I recently posted on the need for putting endings on organisational stories. It’s prompted some interesting responses and I’d like to throw some more fuel on the fire to illuminate some elements of this.
One of the comments I’ve had was about projects that are an embarrassment to the organisation – ones that were closed because they didn’t work.
I don’t really believe that any project is wholly negative – there are always lessons to pull out, even if they are of the "We won’t ever make that mistake again" variety.
And they’re still important.
More important, however, are those projects that are started with great celebration, fireworks and furore and are closed some time later for good and practical reasons, but still not talked about – ending a project seems to be a tacit admission of failure.
An example I came across at a financial services company was of an internet-based financial service they launched – starting from scratch, they built the team, the product and profitable customers in a remarkably short space of time. Huge success. Massive.
And 18 months later, there was a quiet notice and lots of grapevine about the organisation closing this new service down quickly.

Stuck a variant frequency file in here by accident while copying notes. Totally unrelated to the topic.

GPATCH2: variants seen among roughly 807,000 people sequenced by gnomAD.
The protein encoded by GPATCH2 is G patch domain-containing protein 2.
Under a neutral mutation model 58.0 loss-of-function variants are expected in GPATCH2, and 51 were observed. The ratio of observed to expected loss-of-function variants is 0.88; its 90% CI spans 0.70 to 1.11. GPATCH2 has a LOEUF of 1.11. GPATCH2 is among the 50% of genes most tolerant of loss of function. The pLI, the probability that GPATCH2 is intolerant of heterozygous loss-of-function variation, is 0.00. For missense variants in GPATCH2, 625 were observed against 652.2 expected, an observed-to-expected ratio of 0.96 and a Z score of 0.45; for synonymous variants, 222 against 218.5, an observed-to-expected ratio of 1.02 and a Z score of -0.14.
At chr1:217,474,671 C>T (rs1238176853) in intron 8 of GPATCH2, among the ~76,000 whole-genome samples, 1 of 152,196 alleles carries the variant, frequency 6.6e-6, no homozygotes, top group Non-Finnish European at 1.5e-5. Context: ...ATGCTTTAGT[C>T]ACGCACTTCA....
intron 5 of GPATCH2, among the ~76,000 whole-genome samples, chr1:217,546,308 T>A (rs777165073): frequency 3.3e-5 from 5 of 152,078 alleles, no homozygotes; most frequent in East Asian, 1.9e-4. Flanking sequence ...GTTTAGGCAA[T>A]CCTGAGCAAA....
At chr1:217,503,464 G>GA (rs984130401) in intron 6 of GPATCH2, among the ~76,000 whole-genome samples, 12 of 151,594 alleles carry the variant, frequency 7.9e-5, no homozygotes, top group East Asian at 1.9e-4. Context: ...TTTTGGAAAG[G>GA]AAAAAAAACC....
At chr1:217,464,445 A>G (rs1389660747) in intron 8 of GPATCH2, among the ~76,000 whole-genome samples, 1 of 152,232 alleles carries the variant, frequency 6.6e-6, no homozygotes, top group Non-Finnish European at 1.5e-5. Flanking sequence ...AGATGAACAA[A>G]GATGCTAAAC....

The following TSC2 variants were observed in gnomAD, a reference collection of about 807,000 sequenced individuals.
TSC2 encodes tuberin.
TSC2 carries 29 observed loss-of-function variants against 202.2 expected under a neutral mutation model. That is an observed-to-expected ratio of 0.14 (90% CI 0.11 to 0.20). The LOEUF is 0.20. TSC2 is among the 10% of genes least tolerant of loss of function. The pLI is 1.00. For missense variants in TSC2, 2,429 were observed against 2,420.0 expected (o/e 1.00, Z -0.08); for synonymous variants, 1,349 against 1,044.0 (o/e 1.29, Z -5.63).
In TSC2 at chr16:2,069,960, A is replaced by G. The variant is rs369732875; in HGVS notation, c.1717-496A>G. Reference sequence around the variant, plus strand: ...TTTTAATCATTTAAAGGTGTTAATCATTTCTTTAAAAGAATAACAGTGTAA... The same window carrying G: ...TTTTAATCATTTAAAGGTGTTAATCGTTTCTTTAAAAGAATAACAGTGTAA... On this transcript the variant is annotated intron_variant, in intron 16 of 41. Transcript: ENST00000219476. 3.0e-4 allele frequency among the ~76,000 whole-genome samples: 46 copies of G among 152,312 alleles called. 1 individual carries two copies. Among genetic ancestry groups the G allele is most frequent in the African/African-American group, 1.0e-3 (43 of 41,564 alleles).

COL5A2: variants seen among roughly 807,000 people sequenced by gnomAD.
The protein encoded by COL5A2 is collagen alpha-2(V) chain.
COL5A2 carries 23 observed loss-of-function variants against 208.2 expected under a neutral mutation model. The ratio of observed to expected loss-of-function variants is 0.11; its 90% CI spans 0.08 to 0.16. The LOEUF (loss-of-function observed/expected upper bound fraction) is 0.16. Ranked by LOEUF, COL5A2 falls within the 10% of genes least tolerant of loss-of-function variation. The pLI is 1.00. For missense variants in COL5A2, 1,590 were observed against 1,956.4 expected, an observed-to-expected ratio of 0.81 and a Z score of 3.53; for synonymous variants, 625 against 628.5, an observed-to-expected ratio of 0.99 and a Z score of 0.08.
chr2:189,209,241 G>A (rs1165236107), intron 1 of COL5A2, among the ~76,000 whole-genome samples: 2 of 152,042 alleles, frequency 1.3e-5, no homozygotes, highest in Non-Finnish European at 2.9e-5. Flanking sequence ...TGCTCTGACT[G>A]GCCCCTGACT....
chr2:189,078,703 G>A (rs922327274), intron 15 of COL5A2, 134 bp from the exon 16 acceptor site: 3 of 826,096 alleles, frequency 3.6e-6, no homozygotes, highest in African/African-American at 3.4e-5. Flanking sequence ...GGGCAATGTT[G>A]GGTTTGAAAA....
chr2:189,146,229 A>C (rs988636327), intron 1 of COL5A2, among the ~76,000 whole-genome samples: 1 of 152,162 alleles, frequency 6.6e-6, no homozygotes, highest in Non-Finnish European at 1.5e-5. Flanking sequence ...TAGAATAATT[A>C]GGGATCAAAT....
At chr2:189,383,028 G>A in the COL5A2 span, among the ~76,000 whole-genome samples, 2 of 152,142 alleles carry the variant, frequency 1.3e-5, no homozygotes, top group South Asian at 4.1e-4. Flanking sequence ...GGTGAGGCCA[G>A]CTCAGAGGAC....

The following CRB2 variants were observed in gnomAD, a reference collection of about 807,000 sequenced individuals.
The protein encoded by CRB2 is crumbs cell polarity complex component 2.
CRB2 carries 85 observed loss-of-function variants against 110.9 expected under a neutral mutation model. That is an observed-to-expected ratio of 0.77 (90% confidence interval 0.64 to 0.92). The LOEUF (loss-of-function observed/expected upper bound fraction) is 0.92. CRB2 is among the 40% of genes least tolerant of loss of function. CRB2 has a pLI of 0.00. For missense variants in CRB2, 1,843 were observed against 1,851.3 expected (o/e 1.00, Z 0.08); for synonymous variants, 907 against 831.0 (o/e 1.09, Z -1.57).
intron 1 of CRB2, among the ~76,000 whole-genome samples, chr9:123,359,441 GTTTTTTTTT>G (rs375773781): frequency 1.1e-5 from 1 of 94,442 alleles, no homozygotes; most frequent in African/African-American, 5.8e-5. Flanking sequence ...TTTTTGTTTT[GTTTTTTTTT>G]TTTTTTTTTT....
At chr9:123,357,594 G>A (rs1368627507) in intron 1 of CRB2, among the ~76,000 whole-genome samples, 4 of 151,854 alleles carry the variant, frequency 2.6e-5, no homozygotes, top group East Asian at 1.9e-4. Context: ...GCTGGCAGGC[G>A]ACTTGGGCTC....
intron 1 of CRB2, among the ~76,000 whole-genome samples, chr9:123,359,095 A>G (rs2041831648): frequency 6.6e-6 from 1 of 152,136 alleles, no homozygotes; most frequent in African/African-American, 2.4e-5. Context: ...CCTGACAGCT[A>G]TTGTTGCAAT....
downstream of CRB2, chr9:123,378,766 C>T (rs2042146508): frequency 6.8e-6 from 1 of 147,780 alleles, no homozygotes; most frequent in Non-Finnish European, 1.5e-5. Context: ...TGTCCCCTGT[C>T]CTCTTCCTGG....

The inference everyone took was that it had been a disaster after all, something drastic had gone wrong.
Talking to the comms people at the organisation, I asked how it had been dealt with. "Oh, everyone was moved internally, no-one lost their job. All handled properly." No, I insisted, how was it announced to the organisation? "It wasn’t really."
So, along with the assumption of disaster, everyone associated with the "failure" was tarnished in their new jobs until they could demonstrate their strengths in the new environment.
Yet the truth was that the project had been a huge success – and would have continued to be were it not for the change in Basel II legislation that meant a far greater amount of financial capital was needed to meet new EU regulations, making the project too capital- and cost-intensive. But of course, by hushing up the project closing, none of that was known.
Instead, they could have held an celebration and announcement of the end of the project as public as the start – highlighting the success of the project, the skills learned and maybe even the practical demonstration of behaviours and values crucial to the future success of the parent organisation. And those moving on from the project would have become heroes to be emulated and listened to, not pariahs to be sidelined.